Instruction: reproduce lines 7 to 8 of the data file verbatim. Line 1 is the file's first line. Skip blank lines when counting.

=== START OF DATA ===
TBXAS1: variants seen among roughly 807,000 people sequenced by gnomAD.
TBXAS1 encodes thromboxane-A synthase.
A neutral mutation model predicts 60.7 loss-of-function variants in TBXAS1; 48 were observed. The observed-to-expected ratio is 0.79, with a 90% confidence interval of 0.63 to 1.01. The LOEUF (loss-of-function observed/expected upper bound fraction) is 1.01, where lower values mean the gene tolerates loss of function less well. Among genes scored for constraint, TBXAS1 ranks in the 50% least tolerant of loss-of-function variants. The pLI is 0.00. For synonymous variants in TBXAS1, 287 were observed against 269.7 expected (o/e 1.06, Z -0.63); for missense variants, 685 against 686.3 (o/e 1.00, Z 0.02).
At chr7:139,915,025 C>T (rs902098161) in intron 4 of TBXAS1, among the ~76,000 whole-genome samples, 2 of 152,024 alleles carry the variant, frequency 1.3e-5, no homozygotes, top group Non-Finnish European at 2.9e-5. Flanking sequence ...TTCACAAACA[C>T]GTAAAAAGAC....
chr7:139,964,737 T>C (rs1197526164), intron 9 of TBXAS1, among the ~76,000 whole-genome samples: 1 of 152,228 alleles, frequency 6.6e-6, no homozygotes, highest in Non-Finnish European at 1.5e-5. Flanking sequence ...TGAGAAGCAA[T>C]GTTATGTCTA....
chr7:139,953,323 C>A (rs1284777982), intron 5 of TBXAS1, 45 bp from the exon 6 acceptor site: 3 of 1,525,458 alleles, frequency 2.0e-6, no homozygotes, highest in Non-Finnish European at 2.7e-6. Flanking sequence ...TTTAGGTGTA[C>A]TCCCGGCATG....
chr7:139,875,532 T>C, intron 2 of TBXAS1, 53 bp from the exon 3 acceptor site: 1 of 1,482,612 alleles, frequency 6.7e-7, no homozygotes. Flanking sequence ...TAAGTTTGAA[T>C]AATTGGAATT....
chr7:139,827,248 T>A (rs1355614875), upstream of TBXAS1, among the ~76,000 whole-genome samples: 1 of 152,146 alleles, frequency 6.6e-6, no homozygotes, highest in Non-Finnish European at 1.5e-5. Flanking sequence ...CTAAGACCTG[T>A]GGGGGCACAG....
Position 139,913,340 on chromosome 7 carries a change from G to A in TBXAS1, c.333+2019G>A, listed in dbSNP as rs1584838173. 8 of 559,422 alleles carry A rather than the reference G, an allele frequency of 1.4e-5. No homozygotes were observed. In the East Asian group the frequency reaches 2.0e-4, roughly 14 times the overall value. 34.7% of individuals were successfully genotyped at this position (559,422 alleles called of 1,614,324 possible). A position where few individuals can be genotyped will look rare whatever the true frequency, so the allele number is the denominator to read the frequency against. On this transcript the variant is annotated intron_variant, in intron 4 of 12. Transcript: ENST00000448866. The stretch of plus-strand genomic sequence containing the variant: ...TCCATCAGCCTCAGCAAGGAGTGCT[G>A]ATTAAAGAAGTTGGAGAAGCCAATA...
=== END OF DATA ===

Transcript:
chr7:139,875,532 T>C, intron 2 of TBXAS1, 53 bp from the exon 3 acceptor site: 1 of 1,482,612 alleles, frequency 6.7e-7, no homozygotes. Flanking sequence ...TAAGTTTGAA[T>C]AATTGGAATT....
chr7:139,827,248 T>A (rs1355614875), upstream of TBXAS1, among the ~76,000 whole-genome samples: 1 of 152,146 alleles, frequency 6.6e-6, no homozygotes, highest in Non-Finnish European at 1.5e-5. Flanking sequence ...CTAAGACCTG[T>A]GGGGGCACAG....